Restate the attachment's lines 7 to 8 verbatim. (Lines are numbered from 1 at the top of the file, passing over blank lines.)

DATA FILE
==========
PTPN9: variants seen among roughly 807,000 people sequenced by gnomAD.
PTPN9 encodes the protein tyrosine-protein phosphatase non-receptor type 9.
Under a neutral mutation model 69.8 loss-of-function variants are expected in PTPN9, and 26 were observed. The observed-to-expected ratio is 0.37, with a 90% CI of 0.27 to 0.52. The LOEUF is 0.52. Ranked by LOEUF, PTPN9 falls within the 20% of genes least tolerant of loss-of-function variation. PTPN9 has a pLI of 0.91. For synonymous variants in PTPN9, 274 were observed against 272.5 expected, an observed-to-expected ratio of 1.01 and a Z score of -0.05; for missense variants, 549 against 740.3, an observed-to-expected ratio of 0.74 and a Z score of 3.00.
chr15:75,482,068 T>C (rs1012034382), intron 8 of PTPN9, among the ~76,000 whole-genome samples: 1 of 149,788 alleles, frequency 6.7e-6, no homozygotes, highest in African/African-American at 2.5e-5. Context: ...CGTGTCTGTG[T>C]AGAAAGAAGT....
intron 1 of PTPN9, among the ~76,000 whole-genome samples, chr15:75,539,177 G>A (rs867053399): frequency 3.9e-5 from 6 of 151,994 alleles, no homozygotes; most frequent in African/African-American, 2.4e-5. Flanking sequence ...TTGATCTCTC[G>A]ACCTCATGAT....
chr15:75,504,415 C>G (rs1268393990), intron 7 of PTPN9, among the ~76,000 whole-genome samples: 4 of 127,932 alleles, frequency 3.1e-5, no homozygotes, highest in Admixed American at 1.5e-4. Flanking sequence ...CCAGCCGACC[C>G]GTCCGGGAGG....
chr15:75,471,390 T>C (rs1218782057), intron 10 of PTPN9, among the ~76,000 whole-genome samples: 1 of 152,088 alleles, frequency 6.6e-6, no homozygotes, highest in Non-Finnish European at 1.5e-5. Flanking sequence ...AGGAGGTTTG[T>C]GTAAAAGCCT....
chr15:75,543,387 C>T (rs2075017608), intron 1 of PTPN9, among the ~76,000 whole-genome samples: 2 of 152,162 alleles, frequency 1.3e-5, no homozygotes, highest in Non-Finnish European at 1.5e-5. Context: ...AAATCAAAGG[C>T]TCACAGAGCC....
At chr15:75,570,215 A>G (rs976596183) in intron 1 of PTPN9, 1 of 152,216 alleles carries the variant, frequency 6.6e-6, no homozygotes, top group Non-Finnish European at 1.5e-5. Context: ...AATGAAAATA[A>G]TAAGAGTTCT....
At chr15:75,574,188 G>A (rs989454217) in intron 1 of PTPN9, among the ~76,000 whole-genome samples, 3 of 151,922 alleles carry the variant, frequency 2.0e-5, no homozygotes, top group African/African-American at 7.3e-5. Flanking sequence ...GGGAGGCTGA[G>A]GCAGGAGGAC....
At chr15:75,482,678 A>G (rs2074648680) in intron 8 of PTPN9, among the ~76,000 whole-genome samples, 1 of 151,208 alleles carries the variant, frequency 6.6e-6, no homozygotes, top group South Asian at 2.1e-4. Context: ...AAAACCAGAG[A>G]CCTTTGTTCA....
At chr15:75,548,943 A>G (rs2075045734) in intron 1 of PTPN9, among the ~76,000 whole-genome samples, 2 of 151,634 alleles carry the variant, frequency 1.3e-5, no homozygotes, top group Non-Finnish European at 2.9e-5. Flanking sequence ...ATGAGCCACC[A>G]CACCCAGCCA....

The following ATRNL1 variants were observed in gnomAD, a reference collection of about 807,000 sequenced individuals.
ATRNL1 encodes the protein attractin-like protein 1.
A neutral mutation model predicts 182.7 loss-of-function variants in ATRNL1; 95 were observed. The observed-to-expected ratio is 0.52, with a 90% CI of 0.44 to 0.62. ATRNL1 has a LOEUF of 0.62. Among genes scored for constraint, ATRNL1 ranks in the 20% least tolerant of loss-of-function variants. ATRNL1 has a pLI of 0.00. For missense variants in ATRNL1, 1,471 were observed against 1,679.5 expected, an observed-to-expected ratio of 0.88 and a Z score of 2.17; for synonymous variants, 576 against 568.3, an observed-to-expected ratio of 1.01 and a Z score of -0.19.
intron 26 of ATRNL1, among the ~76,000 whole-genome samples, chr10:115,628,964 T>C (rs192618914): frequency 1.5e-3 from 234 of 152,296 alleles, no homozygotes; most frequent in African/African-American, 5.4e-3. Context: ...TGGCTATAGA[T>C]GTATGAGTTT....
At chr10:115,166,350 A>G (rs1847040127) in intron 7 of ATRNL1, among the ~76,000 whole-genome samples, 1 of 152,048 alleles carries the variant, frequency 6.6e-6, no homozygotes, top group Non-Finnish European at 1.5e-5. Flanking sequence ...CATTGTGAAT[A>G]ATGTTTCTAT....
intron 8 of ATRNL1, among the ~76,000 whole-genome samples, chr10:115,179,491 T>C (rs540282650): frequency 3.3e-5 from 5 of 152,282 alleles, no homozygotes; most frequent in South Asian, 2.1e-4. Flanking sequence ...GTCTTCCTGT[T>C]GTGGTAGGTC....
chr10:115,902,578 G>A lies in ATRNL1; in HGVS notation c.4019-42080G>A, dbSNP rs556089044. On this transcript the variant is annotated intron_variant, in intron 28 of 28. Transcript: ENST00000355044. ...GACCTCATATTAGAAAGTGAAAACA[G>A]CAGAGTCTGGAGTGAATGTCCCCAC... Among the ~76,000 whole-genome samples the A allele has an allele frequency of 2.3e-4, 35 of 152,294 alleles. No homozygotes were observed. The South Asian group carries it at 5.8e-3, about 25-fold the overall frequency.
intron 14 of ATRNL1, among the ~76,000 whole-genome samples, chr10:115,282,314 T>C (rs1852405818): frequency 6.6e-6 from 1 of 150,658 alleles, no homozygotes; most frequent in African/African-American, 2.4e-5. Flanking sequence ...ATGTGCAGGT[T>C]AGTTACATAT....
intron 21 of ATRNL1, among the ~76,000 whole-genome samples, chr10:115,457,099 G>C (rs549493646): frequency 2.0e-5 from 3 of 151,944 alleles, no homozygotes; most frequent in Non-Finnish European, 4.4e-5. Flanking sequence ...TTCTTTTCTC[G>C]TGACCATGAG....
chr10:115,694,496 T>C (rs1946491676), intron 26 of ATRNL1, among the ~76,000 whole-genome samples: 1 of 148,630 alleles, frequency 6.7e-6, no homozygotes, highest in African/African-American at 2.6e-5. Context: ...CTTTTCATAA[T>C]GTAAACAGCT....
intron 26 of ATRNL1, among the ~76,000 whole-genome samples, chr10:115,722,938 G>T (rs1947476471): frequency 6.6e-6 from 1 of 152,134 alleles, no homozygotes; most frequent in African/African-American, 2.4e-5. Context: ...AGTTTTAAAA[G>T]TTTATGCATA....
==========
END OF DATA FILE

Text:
chr15:75,471,390 T>C (rs1218782057), intron 10 of PTPN9, among the ~76,000 whole-genome samples: 1 of 152,088 alleles, frequency 6.6e-6, no homozygotes, highest in Non-Finnish European at 1.5e-5. Flanking sequence ...AGGAGGTTTG[T>C]GTAAAAGCCT....
chr15:75,543,387 C>T (rs2075017608), intron 1 of PTPN9, among the ~76,000 whole-genome samples: 2 of 152,162 alleles, frequency 1.3e-5, no homozygotes, highest in Non-Finnish European at 1.5e-5. Context: ...AAATCAAAGG[C>T]TCACAGAGCC....